back to article Android Trojan spams tribute to Arab Spring martyr

Hacktivists have released a manipulated version of a popular Android app to commemorate a Tunisian man whose suicide triggered anti-government protests in his country a year ago. Street fruit'n'veg vendor Mohamed Bouazizi, 26, set himself on fire after local government officials refused to meet him and discuss his grievances. …

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Permissions?

I wonder if the app asked for permissions to send SMS messages upon installation. If so, then it is partly the users' fault for granting such permission to the app in the first place. If not, what's wrong with Android??

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Re: Permissions

True, but what happens when one day someone realises they can add malicious code to an SMS client for example.

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Yes, it asks,

according to the Symantec article, it explicitly uses "Services that cost you money". Android is safe for good Christians to use.

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Anonymous Coward

I find it quite amazing that an uneducated poor guy could be the spark that started something which end up toppling some of the oldest and most controlling rulers in the world!

really really amazing!

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Bronze badge
Boffin

He wasn't uneducated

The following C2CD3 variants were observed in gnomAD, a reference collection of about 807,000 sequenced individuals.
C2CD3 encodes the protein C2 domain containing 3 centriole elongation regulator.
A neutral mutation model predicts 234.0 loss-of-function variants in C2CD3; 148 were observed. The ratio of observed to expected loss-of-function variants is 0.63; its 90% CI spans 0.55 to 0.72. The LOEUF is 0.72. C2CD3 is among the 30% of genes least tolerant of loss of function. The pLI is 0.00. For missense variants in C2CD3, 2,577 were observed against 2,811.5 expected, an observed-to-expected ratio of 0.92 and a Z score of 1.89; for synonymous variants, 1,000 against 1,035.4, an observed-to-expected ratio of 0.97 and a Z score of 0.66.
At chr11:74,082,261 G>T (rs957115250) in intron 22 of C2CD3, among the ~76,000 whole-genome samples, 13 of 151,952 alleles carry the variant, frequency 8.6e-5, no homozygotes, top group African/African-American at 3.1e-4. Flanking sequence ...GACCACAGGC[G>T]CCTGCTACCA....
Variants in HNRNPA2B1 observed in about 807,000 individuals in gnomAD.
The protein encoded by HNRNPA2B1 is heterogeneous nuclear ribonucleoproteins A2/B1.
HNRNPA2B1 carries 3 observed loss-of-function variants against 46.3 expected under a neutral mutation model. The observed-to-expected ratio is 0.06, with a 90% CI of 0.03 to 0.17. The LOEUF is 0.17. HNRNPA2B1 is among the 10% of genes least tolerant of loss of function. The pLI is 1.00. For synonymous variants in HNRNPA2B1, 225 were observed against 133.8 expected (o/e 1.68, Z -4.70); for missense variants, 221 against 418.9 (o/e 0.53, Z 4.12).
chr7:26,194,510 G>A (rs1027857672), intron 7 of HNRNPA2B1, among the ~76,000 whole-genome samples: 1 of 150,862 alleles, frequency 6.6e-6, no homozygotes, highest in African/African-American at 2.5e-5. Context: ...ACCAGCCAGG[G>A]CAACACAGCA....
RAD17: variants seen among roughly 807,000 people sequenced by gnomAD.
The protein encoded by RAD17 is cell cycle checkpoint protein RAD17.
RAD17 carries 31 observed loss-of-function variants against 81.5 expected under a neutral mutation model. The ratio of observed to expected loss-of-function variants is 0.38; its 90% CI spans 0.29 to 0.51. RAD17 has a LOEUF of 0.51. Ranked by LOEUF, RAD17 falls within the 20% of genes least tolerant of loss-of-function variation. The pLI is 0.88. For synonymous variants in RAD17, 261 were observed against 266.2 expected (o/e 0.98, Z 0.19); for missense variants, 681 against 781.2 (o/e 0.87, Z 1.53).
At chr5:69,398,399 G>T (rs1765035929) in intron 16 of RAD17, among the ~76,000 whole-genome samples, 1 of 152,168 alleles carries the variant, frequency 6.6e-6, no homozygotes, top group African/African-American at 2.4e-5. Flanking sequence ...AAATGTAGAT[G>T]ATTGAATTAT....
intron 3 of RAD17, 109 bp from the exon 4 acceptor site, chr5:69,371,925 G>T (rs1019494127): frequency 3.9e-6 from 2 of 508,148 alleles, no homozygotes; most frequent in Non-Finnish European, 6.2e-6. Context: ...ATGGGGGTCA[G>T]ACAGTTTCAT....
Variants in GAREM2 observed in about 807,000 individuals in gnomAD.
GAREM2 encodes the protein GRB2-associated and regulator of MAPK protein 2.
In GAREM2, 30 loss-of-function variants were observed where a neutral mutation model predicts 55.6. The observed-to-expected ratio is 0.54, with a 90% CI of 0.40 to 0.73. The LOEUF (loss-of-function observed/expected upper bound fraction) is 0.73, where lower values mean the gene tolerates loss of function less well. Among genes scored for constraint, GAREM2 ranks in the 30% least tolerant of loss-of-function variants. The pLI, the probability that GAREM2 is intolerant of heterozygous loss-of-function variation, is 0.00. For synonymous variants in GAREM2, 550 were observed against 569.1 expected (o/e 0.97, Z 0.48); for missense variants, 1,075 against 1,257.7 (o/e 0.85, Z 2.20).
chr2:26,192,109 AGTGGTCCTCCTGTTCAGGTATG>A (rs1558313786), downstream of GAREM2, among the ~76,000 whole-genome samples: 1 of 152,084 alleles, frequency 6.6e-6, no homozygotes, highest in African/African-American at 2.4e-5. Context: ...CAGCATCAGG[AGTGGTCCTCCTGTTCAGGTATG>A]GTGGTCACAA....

In fact, IIRC, he was a university graduate reduced to being a street fruit stand vendor because of lack of jobs. And bullied for not paying bribes as such to the cops. The general Arab populations in many countries have had so many years of crappy rulers that it was just too much, this time.

As far the Trojan goes, it could potentially have pretty dire consequences.

"So... you bad, bad terrorist, you wanted to revolt against our benevolent Dear Leader? Your phone tipped us off!"

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Would you prefer a conspiracy theory?

I figured that the simultaneous outbreak of spontaneous independent protest might be the work of about twenty teams of CIA agents in various locations. If the U.S. had the money. Well, I suppose somebody is getting cash from shipping drugs through Mexico, and the U.S. has used the drugs trade for money laundering in the past. Or something.

I also figure that they prefer military dictatorships who have a clear and simple view of how the world works. Which is why putting the military in charge in Egypt this year was good for them, but did not look good to people preferring democracy who actually thought about what was happening. Which appears to be just me. And I live in Scotland. Fortunately.

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